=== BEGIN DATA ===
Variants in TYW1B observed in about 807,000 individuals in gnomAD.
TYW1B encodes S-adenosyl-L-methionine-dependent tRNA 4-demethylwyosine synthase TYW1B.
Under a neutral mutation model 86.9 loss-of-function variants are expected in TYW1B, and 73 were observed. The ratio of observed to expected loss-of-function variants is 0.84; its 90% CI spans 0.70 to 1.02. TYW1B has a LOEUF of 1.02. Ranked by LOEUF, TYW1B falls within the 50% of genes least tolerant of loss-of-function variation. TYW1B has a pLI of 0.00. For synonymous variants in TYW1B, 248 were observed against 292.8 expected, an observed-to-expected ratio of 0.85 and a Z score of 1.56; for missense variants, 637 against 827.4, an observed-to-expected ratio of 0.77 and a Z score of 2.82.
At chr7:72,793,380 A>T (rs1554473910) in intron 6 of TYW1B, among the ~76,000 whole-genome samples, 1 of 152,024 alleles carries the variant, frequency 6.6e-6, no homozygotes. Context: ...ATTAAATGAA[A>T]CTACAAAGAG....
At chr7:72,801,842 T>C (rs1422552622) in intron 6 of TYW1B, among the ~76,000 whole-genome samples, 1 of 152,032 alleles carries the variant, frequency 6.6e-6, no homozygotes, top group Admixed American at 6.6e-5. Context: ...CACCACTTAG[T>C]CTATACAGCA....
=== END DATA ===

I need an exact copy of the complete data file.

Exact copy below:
Variants in TYW1B observed in about 807,000 individuals in gnomAD.
TYW1B encodes S-adenosyl-L-methionine-dependent tRNA 4-demethylwyosine synthase TYW1B.
Under a neutral mutation model 86.9 loss-of-function variants are expected in TYW1B, and 73 were observed. The ratio of observed to expected loss-of-function variants is 0.84; its 90% CI spans 0.70 to 1.02. TYW1B has a LOEUF of 1.02. Ranked by LOEUF, TYW1B falls within the 50% of genes least tolerant of loss-of-function variation. TYW1B has a pLI of 0.00. For synonymous variants in TYW1B, 248 were observed against 292.8 expected, an observed-to-expected ratio of 0.85 and a Z score of 1.56; for missense variants, 637 against 827.4, an observed-to-expected ratio of 0.77 and a Z score of 2.82.
At chr7:72,793,380 A>T (rs1554473910) in intron 6 of TYW1B, among the ~76,000 whole-genome samples, 1 of 152,024 alleles carries the variant, frequency 6.6e-6, no homozygotes. Context: ...ATTAAATGAA[A>T]CTACAAAGAG....
At chr7:72,801,842 T>C (rs1422552622) in intron 6 of TYW1B, among the ~76,000 whole-genome samples, 1 of 152,032 alleles carries the variant, frequency 6.6e-6, no homozygotes, top group Admixed American at 6.6e-5. Context: ...CACCACTTAG[T>C]CTATACAGCA....